With Lord Mandelson, who knows what to believe?Posted on July 7, 2010
The press, the airwaves and the Westminster gossip mill are a bit like the Premiership, the FA Cup and the Champions League – it’s an impressive feat to hold all three at the same time. Normally one will run ahead or lag behind the others in the current hot topic.
It takes a big star – or a big scandal – to hold the Treble, and they don’t come much bigger at the moment than Lord Mandelson (take your pick of whether he’s a star or a scandal). His memoirs are occupying enough newspaper space for Wayne Rooney to write out his full bank balance in crayon, and the chatter is only going to grow as the serialisation and publicity campaign rolls on.
The revelations in ‘The Third Man’ seem fairly interesting, giving us more insight into the backstabbing, infighting and conspiracy that ate at the heart of New Labour.
In so doing, the good Lord has only really coloured in more of the general picture that we all knew existed. Everyone knows that Blair and Brown didn’t get along, though it’s nice to get an actual Blair quote about Brown being “mad, bad and beyond redemption”. Everyone knows that Mandelson is an arch-schemer, though it’s good to get an insight into how he went about it.
Most importantly, of course, we all know that many Ministers were lying through their teeth on a regular basis. I’m not going to pretend that this is something that only applies to the recent Labour Government – it would be absurd to do so – but it’s generally acknowledged that New Labour, under the guidance of Messrs Mandelson and Campbell, took it to a new level of accomplishment.
That raises an important question about “The Third Man” as a memoir. Given that its author was the architect of a new type of politics characterised by the telling of untruths in what they saw as a greater cause, can we actually believe any of it?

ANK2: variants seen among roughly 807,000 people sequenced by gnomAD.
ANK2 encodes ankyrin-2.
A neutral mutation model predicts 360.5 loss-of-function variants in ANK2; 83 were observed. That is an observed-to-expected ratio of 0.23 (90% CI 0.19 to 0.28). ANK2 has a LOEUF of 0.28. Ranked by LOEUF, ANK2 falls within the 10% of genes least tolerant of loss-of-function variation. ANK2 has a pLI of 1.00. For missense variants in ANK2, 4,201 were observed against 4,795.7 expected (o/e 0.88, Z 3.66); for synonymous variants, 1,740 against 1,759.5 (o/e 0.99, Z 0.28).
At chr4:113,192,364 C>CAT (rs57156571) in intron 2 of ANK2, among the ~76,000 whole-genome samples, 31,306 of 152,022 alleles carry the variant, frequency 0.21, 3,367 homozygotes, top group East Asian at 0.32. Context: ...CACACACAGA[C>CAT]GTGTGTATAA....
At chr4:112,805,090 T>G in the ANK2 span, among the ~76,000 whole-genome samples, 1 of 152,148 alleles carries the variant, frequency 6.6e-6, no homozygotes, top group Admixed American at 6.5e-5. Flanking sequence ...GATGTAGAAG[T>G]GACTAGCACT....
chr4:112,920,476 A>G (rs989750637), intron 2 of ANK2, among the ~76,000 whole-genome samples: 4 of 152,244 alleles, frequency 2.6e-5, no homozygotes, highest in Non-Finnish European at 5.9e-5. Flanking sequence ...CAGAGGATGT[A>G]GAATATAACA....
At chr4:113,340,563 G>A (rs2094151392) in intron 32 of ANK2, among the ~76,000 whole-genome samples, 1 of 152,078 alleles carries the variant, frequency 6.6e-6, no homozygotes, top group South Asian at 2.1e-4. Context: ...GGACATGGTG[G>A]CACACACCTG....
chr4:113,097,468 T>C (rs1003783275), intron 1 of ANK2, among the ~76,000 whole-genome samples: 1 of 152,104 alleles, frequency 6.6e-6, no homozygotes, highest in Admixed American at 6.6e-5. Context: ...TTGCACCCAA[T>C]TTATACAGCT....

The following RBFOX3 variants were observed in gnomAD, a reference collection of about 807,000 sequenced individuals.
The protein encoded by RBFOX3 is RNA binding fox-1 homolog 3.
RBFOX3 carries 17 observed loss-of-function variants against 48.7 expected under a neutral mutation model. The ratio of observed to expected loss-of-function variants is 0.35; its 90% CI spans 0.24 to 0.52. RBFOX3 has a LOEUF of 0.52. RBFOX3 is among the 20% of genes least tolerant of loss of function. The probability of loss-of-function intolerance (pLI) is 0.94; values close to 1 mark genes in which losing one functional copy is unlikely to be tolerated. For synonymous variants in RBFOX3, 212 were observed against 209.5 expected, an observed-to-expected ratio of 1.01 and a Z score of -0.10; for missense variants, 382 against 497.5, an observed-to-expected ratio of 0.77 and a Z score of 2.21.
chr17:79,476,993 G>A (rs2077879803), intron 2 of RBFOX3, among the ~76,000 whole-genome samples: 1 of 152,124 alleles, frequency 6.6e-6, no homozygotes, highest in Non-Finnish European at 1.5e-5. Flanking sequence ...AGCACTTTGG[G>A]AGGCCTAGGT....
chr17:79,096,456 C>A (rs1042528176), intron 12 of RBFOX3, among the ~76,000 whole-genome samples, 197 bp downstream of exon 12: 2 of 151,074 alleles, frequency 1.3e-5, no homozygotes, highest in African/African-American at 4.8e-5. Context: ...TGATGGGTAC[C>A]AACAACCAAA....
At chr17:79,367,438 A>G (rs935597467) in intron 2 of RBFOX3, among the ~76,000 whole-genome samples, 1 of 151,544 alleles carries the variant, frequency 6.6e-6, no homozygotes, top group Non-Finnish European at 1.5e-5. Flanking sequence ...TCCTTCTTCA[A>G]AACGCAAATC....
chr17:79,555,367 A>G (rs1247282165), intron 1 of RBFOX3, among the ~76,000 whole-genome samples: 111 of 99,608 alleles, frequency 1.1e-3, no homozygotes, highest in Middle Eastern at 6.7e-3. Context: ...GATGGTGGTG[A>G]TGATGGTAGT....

People often portray New Labour as a cheap con trick, but it was far more intelligent – if not much more honest – than that (see Peter Oborne’s excellent “The Rise of Political Lying” for more). In their early days in particular, they really were setting out to redefine language in order to win political power.
In doing so, they completely severed the already weak links of trust between the political class and the public. Indeed, they lost the ability to trust each other, with Brown telling Blair “There is nothing that you could ever say to me now that I could possibly believe”. (Ironically, that was probably the moment that Gordon Brown had the most in common with ordinary British voters).
It is fitting that the New Labour era is being brought to an end by a whole book which we don’t really know if we can believe or not. It is equally appropriate that a book which is effectively Peter Mandelson’s longest ever press release is occupying central stage – irrespective of whether it is true or false. Just like the old days, he’s achieved his aim – and whether he told the truth to get there is by the by.